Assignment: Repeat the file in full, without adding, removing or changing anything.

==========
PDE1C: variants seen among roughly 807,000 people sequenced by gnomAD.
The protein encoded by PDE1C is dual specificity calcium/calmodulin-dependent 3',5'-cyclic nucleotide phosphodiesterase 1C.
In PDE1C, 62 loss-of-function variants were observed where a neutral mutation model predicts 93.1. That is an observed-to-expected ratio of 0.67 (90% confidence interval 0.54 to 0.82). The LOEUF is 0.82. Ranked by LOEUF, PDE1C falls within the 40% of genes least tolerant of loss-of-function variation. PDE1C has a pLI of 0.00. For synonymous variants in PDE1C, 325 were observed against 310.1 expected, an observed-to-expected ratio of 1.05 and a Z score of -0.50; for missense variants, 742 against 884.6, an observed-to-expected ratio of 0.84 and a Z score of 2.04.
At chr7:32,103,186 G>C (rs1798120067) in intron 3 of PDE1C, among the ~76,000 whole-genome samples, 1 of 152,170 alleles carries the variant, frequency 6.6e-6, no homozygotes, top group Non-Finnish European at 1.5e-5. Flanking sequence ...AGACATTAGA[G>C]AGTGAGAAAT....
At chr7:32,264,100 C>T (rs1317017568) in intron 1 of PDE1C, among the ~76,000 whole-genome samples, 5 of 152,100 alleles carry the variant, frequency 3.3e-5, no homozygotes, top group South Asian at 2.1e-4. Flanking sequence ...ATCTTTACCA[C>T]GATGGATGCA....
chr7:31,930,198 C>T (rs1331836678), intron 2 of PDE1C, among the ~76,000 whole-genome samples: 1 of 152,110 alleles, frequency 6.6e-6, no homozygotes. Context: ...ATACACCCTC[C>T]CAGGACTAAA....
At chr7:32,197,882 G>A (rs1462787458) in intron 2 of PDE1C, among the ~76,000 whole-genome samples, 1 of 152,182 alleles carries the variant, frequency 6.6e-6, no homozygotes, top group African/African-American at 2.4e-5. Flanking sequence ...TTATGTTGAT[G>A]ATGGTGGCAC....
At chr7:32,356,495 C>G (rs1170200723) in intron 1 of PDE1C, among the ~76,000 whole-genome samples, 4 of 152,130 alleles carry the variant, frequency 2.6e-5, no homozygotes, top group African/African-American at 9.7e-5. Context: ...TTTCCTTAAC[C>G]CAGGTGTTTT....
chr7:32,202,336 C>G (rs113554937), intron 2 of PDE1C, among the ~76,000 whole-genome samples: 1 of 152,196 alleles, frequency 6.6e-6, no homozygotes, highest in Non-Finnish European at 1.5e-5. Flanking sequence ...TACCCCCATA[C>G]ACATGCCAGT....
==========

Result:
PDE1C: variants seen among roughly 807,000 people sequenced by gnomAD.
The protein encoded by PDE1C is dual specificity calcium/calmodulin-dependent 3',5'-cyclic nucleotide phosphodiesterase 1C.
In PDE1C, 62 loss-of-function variants were observed where a neutral mutation model predicts 93.1. That is an observed-to-expected ratio of 0.67 (90% confidence interval 0.54 to 0.82). The LOEUF is 0.82. Ranked by LOEUF, PDE1C falls within the 40% of genes least tolerant of loss-of-function variation. PDE1C has a pLI of 0.00. For synonymous variants in PDE1C, 325 were observed against 310.1 expected, an observed-to-expected ratio of 1.05 and a Z score of -0.50; for missense variants, 742 against 884.6, an observed-to-expected ratio of 0.84 and a Z score of 2.04.
At chr7:32,103,186 G>C (rs1798120067) in intron 3 of PDE1C, among the ~76,000 whole-genome samples, 1 of 152,170 alleles carries the variant, frequency 6.6e-6, no homozygotes, top group Non-Finnish European at 1.5e-5. Flanking sequence ...AGACATTAGA[G>C]AGTGAGAAAT....
At chr7:32,264,100 C>T (rs1317017568) in intron 1 of PDE1C, among the ~76,000 whole-genome samples, 5 of 152,100 alleles carry the variant, frequency 3.3e-5, no homozygotes, top group South Asian at 2.1e-4. Flanking sequence ...ATCTTTACCA[C>T]GATGGATGCA....
chr7:31,930,198 C>T (rs1331836678), intron 2 of PDE1C, among the ~76,000 whole-genome samples: 1 of 152,110 alleles, frequency 6.6e-6, no homozygotes. Context: ...ATACACCCTC[C>T]CAGGACTAAA....
At chr7:32,197,882 G>A (rs1462787458) in intron 2 of PDE1C, among the ~76,000 whole-genome samples, 1 of 152,182 alleles carries the variant, frequency 6.6e-6, no homozygotes, top group African/African-American at 2.4e-5. Flanking sequence ...TTATGTTGAT[G>A]ATGGTGGCAC....
At chr7:32,356,495 C>G (rs1170200723) in intron 1 of PDE1C, among the ~76,000 whole-genome samples, 4 of 152,130 alleles carry the variant, frequency 2.6e-5, no homozygotes, top group African/African-American at 9.7e-5. Context: ...TTTCCTTAAC[C>G]CAGGTGTTTT....
chr7:32,202,336 C>G (rs113554937), intron 2 of PDE1C, among the ~76,000 whole-genome samples: 1 of 152,196 alleles, frequency 6.6e-6, no homozygotes, highest in Non-Finnish European at 1.5e-5. Flanking sequence ...TACCCCCATA[C>G]ACATGCCAGT....